World Cup champ lands first quad cork 1800 (video)

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Switzerland’s Andri Ragettli landed what’s being touted as the first ski quad cork 1800 in a video published recently.

Ragettli, 18, is one of the leading slopestyle skiers in the world. He won the World Cup season title in 2015-16 and placed second this year, in addition to fifth- and sixth-place finishes at the last two Winter X Games.

Previously, Ragettli became the first slopestyle skier to land back-to-back triples in a full competition at the 2016 Winter X Games, according to ESPN.com.

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MORE: McMorris’ brother details life-threatening crash

Mark McMorris’ brother details snowboarder’s life-threatening crash

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Mark McMorris‘ life was in danger after the snowboarder crashed into an area of trees riding in the backcountry in British Columbia on Saturday, according to Postmedia News, quoting older brother Craig.

Craig was there when McMorris, the Sochi slopestyle bronze medalist, suffered a fractured jaw, fractured left arm, ruptured spleen, stable pelvic fracture, rib fractures and a collapsed left lung.

McMorris was found conscious, but he was struggling to breathe with blood in his mouth, according to Canadian media.

“You can die from that, from bleeding out,” Craig said, according to Postmedia News. “But it was so hard for him to breathe, so that was my biggest concern with time. I communicated that to the search and rescue, and that’s why they got there as fast as they possibly could. Mark knew it was super bad. I knew it was super bad. But you just have to think positive, and that’s why he is still here.

More details of the rescue, via Postmedia News:

Craig McMorris and a handful of friends on site peeled off their jackets to create a nest for the injured Olympian. The couldn’t move him for fear of a spinal cord injury, and hypothermia was a real danger while waiting about 90 minutes for search and rescue personnel to arrive. Every minute counted due to the ruptured spleen.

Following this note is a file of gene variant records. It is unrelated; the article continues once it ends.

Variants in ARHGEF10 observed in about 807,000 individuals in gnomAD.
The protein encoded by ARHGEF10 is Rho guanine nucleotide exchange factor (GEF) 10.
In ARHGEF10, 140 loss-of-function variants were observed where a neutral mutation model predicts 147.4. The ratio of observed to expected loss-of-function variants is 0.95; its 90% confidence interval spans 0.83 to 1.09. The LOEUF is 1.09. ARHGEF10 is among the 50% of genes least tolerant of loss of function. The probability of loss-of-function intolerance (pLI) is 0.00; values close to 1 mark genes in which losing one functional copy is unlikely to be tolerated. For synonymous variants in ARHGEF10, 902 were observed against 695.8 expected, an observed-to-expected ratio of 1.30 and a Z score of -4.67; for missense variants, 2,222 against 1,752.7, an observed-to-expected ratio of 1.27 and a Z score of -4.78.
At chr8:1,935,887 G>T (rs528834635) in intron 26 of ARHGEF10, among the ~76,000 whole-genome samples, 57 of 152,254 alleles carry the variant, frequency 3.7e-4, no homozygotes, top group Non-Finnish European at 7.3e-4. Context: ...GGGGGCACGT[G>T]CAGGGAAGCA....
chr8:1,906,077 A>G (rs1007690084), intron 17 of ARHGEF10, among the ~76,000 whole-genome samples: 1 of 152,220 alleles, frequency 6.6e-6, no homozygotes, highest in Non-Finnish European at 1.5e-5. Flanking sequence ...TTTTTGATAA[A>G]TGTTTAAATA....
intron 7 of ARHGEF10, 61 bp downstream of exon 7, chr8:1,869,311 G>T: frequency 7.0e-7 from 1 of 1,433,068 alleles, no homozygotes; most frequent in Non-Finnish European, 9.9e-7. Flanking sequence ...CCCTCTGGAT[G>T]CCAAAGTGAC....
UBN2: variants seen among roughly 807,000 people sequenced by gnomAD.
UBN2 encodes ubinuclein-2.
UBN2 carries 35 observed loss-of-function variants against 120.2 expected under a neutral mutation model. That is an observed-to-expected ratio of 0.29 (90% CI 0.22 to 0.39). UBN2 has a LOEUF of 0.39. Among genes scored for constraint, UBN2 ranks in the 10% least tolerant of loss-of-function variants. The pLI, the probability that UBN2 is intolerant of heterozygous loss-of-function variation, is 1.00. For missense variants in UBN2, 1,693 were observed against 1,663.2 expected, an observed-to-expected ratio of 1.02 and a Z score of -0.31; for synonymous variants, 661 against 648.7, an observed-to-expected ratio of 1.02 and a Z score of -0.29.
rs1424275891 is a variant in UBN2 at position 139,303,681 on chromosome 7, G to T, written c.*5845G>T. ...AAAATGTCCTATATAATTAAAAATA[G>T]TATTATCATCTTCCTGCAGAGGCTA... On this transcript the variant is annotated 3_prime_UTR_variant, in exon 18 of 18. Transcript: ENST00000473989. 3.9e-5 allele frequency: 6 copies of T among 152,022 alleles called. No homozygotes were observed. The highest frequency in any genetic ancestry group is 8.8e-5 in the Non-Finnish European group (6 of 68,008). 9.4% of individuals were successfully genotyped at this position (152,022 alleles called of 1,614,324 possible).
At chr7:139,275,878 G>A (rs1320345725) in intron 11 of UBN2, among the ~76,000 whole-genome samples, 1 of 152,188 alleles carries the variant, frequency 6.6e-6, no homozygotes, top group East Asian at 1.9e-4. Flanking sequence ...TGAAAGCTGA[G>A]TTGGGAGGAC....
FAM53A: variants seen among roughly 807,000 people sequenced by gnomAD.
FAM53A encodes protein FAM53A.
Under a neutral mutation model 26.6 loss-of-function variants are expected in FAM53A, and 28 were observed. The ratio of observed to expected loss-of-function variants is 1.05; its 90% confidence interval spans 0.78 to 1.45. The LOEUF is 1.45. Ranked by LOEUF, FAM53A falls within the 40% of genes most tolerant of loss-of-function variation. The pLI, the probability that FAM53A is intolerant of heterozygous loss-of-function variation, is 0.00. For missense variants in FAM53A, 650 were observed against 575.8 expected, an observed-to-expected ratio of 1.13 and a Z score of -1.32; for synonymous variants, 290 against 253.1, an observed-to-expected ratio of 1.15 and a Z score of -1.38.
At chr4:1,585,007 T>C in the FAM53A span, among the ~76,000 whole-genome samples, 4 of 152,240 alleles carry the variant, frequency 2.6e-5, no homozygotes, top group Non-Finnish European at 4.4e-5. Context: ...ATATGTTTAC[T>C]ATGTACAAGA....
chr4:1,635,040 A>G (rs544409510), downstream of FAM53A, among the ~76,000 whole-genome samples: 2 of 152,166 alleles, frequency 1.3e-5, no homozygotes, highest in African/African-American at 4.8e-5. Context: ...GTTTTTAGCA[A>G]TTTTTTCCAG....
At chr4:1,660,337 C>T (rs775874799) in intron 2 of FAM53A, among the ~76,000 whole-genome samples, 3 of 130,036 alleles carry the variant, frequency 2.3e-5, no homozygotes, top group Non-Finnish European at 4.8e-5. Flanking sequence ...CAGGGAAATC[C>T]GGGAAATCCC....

“I’ve been involved in backcountry rescues before,” Craig said, according to the Canadian Press. “This was by far the gnarliest and most severe.”

An airlift to a hospital, two surgeries and two days later, McMorris was looking more upbeat in his hospital bed on both brothers’ Instagram pages Monday.

He has been named to Canada’s Olympic team for PyeongChang, and Craig believes he will be there to compete. Before the accident, McMorris was considered a gold-medal threat in slopestyle and the new event of big air.

“It’s been 48 hours, and he’s gone from being the most broken human to talking and communicating,” Craig said, according to Postmedia News. “In his mind, he’s going to the Olympics. In my mind, he’s going to the Olympics. There’s no reason why he can’t.”

McMorris has come back from injury before, but not this severe.

He won bronze in the first Olympic snowboard slopestyle event in Sochi, competing 12 days after breaking a rib.

He has already come back in this Olympic cycle from breaking his right femur in an Air and Style big air run in Los Angeles on Feb. 21, 2016.

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MORE: McMorris, after horrible injury, ups risk for 2 golds in PyeongChang

Kids tough as nails. All good news from here on out. So much love